On January 18, the Deerfield Robotics Team, started by Alexa Murray during her freshman year at Deerfield, traveled to Greenwich, Connecticut for a qualifying competition for the Connecticut State Championships.
The team is made up of 10 core members, ranging from freshmen to seniors. At the beginning of the season in the fall, the more experienced members gave lessons to those who had never worked with robots before. After gaining more experience, these beginner members joined the team at triweekly meetings.
The team splits into specialty groups— builders, programmers, and organizers. After weeks of hard work, these specialty groups collaborate together robot moving. Two weeks before the competition, the team practices in their arena on the first floor of the Koch.
Among the tasks that the robot must achieve are picking up blocks, raising a dag and hanging from an overhead bar in the middle of the arena.
The Connecticut robotics competition, created by the First Tech Challenge (FTC) Company, is comprised of five rounds during which teams are paired with different allies.
Upon arriving at Greenwich Academy for the competition, the team—dubbed Big Green— immediately began preparing to evaluate their robot’s readiness. At 10 a.m., the Deerfield team was interviewed by the event’s judges. The judges at a robotics competition typically look for a functional and efficient robot, the team’s organization and outreach to the local community, as well as chemistry and teamwork among the members of the team.
After the interview, the team was assigned its first ally, and that team began the first round of competition, with Xander Li ‘17, Kyle Bums ‘14 and Kento Yamamoto ‘16 controlling the robot, while the rest of the team shouted and cheered from the sidelines.
DA was paired with a few rookie teams and won only two of the five rounds. The difficulty of being paired with a rookie team is that the points after each round are combined, so if an ally’s robot performs its tasks inefficiently, the points reflect poorly on both teams.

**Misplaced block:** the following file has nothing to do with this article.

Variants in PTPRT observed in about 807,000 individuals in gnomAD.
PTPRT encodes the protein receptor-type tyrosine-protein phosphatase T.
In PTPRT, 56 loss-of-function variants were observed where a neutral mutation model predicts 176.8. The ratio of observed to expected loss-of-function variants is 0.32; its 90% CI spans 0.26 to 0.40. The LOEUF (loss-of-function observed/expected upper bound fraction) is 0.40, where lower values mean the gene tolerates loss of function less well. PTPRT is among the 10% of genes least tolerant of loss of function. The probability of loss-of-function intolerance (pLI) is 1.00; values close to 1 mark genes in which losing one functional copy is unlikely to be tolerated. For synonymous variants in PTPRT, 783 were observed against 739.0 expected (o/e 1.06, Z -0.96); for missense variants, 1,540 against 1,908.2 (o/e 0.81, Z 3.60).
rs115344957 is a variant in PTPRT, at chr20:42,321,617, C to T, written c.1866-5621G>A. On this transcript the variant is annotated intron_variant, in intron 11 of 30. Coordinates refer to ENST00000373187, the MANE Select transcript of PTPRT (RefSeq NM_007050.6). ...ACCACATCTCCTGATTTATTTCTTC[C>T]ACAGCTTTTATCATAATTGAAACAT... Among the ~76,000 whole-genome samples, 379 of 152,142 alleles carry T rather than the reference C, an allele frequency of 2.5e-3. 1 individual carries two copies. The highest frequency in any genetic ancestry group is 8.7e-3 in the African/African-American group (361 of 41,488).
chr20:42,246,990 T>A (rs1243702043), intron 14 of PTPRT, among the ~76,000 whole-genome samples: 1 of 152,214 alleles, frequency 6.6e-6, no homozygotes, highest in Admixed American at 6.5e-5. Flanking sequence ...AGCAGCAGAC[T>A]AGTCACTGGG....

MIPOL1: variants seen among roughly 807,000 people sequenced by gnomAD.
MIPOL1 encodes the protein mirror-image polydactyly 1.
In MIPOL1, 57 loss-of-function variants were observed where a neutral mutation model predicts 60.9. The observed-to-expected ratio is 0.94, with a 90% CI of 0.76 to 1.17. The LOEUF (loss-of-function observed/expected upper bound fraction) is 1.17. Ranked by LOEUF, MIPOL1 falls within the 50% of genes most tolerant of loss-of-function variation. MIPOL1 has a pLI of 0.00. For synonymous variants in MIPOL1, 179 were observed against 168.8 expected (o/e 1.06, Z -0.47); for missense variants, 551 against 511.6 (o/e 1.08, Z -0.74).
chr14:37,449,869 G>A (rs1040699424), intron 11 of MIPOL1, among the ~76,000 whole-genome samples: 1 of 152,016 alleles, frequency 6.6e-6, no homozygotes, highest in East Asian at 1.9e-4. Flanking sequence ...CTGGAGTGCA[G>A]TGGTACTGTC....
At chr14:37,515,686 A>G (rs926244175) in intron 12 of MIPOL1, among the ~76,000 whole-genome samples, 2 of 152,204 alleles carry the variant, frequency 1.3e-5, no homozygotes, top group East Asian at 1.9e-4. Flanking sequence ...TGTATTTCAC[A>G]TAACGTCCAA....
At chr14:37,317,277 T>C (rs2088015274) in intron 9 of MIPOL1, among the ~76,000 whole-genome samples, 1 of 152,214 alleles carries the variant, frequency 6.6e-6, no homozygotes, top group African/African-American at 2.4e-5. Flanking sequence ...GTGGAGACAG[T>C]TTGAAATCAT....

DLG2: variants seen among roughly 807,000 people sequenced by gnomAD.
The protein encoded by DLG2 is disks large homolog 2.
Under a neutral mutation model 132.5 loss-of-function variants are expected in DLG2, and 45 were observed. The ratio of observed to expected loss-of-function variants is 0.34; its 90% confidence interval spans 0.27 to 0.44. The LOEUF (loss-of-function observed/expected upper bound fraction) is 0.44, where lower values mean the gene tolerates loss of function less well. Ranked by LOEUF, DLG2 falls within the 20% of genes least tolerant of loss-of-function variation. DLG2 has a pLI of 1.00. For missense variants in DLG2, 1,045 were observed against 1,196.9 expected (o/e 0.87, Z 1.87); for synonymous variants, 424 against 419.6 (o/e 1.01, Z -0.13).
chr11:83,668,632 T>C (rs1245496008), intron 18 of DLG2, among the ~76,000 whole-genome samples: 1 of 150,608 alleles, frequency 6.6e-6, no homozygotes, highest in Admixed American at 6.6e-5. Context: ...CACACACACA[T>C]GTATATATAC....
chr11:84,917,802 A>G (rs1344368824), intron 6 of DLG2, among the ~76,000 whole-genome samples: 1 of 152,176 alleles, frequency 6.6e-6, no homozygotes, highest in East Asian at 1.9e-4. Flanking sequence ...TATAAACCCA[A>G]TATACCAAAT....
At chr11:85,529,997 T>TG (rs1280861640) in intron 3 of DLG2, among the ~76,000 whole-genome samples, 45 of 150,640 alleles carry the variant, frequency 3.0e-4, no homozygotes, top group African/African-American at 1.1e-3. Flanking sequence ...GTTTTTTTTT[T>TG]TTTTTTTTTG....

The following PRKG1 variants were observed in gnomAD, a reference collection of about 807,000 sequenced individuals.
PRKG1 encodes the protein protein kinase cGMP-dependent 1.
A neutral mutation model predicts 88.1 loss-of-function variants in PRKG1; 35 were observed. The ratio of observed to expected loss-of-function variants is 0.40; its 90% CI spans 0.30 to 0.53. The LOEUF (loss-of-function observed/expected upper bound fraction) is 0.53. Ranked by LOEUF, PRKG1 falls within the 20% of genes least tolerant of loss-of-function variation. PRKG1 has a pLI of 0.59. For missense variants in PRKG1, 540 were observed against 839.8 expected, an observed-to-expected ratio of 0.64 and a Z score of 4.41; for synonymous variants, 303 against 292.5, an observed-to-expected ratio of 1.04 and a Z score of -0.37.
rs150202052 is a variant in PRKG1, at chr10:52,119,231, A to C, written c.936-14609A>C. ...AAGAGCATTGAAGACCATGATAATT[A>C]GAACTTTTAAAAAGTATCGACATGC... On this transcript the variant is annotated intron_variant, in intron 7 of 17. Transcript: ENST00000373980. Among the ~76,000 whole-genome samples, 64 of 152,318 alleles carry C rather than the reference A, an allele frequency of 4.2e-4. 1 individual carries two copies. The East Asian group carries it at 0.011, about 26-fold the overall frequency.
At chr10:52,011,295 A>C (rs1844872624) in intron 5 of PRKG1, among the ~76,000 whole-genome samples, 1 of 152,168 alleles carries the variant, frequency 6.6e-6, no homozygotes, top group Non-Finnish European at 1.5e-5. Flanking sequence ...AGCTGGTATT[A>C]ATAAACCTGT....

Though Big Green did not have enough combined points with their allies to qualify for semi-finals, the team’s high individual score attracted another team to choose them as an ally for the semi-finals.
Unfortunately, during the first round of the semi-finals, Big Green had programming difficulties, causing its claw and its hanging mechanisms to fail. Moreover, its allies then lost the next round, preventing Big Green from making the final round. However, after anxiously anticipating the final ceremony, during which the judges would announce who would move on to the State Championships, Big Green was awarded third place and “The Inspire Award,” the highest award given by FTC’s judges.
With this third-place award, Big Green automatically earned a spot in the March robotics championships, where they will have the opportunity to qualify for the regional tournament.
“We worked tirelessly to finish our robot before the competition, and I’m so proud of how far we’ve come,” said two- year member Riker Bixby ‘15.
Burns, another two-year member and head builder of the robot added, “We went out there with all our heart and we came out with the prize.”